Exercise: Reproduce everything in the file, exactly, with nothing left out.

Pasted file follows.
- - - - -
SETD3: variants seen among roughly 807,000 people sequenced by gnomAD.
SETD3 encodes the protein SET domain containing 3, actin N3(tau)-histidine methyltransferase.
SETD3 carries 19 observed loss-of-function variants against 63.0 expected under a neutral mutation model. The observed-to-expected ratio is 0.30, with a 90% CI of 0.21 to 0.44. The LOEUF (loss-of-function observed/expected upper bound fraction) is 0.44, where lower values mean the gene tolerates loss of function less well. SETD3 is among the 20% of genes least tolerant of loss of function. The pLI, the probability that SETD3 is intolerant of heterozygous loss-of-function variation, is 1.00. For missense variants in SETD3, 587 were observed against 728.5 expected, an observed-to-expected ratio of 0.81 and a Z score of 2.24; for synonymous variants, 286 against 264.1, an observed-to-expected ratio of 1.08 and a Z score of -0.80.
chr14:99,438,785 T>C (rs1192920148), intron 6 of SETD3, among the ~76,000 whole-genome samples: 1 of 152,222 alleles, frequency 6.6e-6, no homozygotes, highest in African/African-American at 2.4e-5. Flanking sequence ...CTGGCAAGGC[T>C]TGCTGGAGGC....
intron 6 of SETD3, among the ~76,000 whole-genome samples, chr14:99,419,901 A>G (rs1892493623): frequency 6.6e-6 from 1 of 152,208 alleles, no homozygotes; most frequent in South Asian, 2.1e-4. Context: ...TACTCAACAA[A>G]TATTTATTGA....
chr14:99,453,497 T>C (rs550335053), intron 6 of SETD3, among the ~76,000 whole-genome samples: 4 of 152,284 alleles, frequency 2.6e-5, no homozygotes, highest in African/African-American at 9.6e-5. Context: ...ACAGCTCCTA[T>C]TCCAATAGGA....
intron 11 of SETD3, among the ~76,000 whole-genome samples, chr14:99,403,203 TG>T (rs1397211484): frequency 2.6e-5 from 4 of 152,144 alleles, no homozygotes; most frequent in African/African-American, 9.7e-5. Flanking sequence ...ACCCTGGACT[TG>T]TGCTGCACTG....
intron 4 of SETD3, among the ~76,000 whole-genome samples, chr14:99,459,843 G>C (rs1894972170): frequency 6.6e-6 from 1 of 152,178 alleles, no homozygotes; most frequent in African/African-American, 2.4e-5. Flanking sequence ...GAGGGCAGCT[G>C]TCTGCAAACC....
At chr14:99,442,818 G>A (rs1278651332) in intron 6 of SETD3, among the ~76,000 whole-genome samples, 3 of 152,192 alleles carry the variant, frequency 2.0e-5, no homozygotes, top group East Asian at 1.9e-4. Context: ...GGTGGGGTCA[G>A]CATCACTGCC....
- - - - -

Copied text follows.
SETD3: variants seen among roughly 807,000 people sequenced by gnomAD.
SETD3 encodes the protein SET domain containing 3, actin N3(tau)-histidine methyltransferase.
SETD3 carries 19 observed loss-of-function variants against 63.0 expected under a neutral mutation model. The observed-to-expected ratio is 0.30, with a 90% CI of 0.21 to 0.44. The LOEUF (loss-of-function observed/expected upper bound fraction) is 0.44, where lower values mean the gene tolerates loss of function less well. SETD3 is among the 20% of genes least tolerant of loss of function. The pLI, the probability that SETD3 is intolerant of heterozygous loss-of-function variation, is 1.00. For missense variants in SETD3, 587 were observed against 728.5 expected, an observed-to-expected ratio of 0.81 and a Z score of 2.24; for synonymous variants, 286 against 264.1, an observed-to-expected ratio of 1.08 and a Z score of -0.80.
chr14:99,438,785 T>C (rs1192920148), intron 6 of SETD3, among the ~76,000 whole-genome samples: 1 of 152,222 alleles, frequency 6.6e-6, no homozygotes, highest in African/African-American at 2.4e-5. Flanking sequence ...CTGGCAAGGC[T>C]TGCTGGAGGC....
intron 6 of SETD3, among the ~76,000 whole-genome samples, chr14:99,419,901 A>G (rs1892493623): frequency 6.6e-6 from 1 of 152,208 alleles, no homozygotes; most frequent in South Asian, 2.1e-4. Context: ...TACTCAACAA[A>G]TATTTATTGA....
chr14:99,453,497 T>C (rs550335053), intron 6 of SETD3, among the ~76,000 whole-genome samples: 4 of 152,284 alleles, frequency 2.6e-5, no homozygotes, highest in African/African-American at 9.6e-5. Context: ...ACAGCTCCTA[T>C]TCCAATAGGA....
intron 11 of SETD3, among the ~76,000 whole-genome samples, chr14:99,403,203 TG>T (rs1397211484): frequency 2.6e-5 from 4 of 152,144 alleles, no homozygotes; most frequent in African/African-American, 9.7e-5. Flanking sequence ...ACCCTGGACT[TG>T]TGCTGCACTG....
intron 4 of SETD3, among the ~76,000 whole-genome samples, chr14:99,459,843 G>C (rs1894972170): frequency 6.6e-6 from 1 of 152,178 alleles, no homozygotes; most frequent in African/African-American, 2.4e-5. Flanking sequence ...GAGGGCAGCT[G>C]TCTGCAAACC....
At chr14:99,442,818 G>A (rs1278651332) in intron 6 of SETD3, among the ~76,000 whole-genome samples, 3 of 152,192 alleles carry the variant, frequency 2.0e-5, no homozygotes, top group East Asian at 1.9e-4. Context: ...GGTGGGGTCA[G>A]CATCACTGCC....